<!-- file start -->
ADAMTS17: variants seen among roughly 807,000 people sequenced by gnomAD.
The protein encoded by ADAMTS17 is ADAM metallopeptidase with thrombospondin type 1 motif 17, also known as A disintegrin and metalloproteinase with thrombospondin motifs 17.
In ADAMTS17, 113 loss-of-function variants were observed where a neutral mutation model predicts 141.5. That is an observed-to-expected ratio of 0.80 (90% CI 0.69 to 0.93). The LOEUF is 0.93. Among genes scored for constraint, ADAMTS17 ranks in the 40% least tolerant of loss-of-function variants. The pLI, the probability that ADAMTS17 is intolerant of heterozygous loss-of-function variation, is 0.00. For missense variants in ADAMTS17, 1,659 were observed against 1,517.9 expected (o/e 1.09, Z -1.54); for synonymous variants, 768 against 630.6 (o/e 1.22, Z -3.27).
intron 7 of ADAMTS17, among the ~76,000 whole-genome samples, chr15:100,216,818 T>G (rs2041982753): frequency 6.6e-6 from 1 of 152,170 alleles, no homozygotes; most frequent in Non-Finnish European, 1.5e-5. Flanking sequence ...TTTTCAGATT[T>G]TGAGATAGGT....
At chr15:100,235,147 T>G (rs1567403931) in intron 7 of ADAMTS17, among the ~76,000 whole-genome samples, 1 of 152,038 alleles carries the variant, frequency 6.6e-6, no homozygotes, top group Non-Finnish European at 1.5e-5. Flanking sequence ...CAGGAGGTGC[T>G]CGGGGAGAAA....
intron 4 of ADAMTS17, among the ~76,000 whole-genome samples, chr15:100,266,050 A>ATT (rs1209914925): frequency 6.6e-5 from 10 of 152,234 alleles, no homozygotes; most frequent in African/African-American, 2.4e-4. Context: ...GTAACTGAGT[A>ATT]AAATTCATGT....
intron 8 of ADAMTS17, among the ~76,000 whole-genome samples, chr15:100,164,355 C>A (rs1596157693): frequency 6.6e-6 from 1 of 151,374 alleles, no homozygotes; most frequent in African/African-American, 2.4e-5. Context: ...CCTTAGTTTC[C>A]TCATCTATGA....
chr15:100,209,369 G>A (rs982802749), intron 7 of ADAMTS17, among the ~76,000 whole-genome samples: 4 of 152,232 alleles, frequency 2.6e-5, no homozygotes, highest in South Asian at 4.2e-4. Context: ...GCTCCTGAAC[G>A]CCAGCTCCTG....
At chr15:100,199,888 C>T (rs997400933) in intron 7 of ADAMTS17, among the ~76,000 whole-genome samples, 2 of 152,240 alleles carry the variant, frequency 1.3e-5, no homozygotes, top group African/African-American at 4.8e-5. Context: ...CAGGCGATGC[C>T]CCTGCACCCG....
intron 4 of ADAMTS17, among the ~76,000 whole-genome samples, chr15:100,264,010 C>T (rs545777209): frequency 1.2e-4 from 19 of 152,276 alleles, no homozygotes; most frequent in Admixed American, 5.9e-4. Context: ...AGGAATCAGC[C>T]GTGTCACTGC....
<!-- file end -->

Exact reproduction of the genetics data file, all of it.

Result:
ADAMTS17: variants seen among roughly 807,000 people sequenced by gnomAD.
The protein encoded by ADAMTS17 is ADAM metallopeptidase with thrombospondin type 1 motif 17, also known as A disintegrin and metalloproteinase with thrombospondin motifs 17.
In ADAMTS17, 113 loss-of-function variants were observed where a neutral mutation model predicts 141.5. That is an observed-to-expected ratio of 0.80 (90% CI 0.69 to 0.93). The LOEUF is 0.93. Among genes scored for constraint, ADAMTS17 ranks in the 40% least tolerant of loss-of-function variants. The pLI, the probability that ADAMTS17 is intolerant of heterozygous loss-of-function variation, is 0.00. For missense variants in ADAMTS17, 1,659 were observed against 1,517.9 expected (o/e 1.09, Z -1.54); for synonymous variants, 768 against 630.6 (o/e 1.22, Z -3.27).
intron 7 of ADAMTS17, among the ~76,000 whole-genome samples, chr15:100,216,818 T>G (rs2041982753): frequency 6.6e-6 from 1 of 152,170 alleles, no homozygotes; most frequent in Non-Finnish European, 1.5e-5. Flanking sequence ...TTTTCAGATT[T>G]TGAGATAGGT....
At chr15:100,235,147 T>G (rs1567403931) in intron 7 of ADAMTS17, among the ~76,000 whole-genome samples, 1 of 152,038 alleles carries the variant, frequency 6.6e-6, no homozygotes, top group Non-Finnish European at 1.5e-5. Flanking sequence ...CAGGAGGTGC[T>G]CGGGGAGAAA....
intron 4 of ADAMTS17, among the ~76,000 whole-genome samples, chr15:100,266,050 A>ATT (rs1209914925): frequency 6.6e-5 from 10 of 152,234 alleles, no homozygotes; most frequent in African/African-American, 2.4e-4. Context: ...GTAACTGAGT[A>ATT]AAATTCATGT....
intron 8 of ADAMTS17, among the ~76,000 whole-genome samples, chr15:100,164,355 C>A (rs1596157693): frequency 6.6e-6 from 1 of 151,374 alleles, no homozygotes; most frequent in African/African-American, 2.4e-5. Context: ...CCTTAGTTTC[C>A]TCATCTATGA....
chr15:100,209,369 G>A (rs982802749), intron 7 of ADAMTS17, among the ~76,000 whole-genome samples: 4 of 152,232 alleles, frequency 2.6e-5, no homozygotes, highest in South Asian at 4.2e-4. Context: ...GCTCCTGAAC[G>A]CCAGCTCCTG....
At chr15:100,199,888 C>T (rs997400933) in intron 7 of ADAMTS17, among the ~76,000 whole-genome samples, 2 of 152,240 alleles carry the variant, frequency 1.3e-5, no homozygotes, top group African/African-American at 4.8e-5. Context: ...CAGGCGATGC[C>T]CCTGCACCCG....
intron 4 of ADAMTS17, among the ~76,000 whole-genome samples, chr15:100,264,010 C>T (rs545777209): frequency 1.2e-4 from 19 of 152,276 alleles, no homozygotes; most frequent in Admixed American, 5.9e-4. Context: ...AGGAATCAGC[C>T]GTGTCACTGC....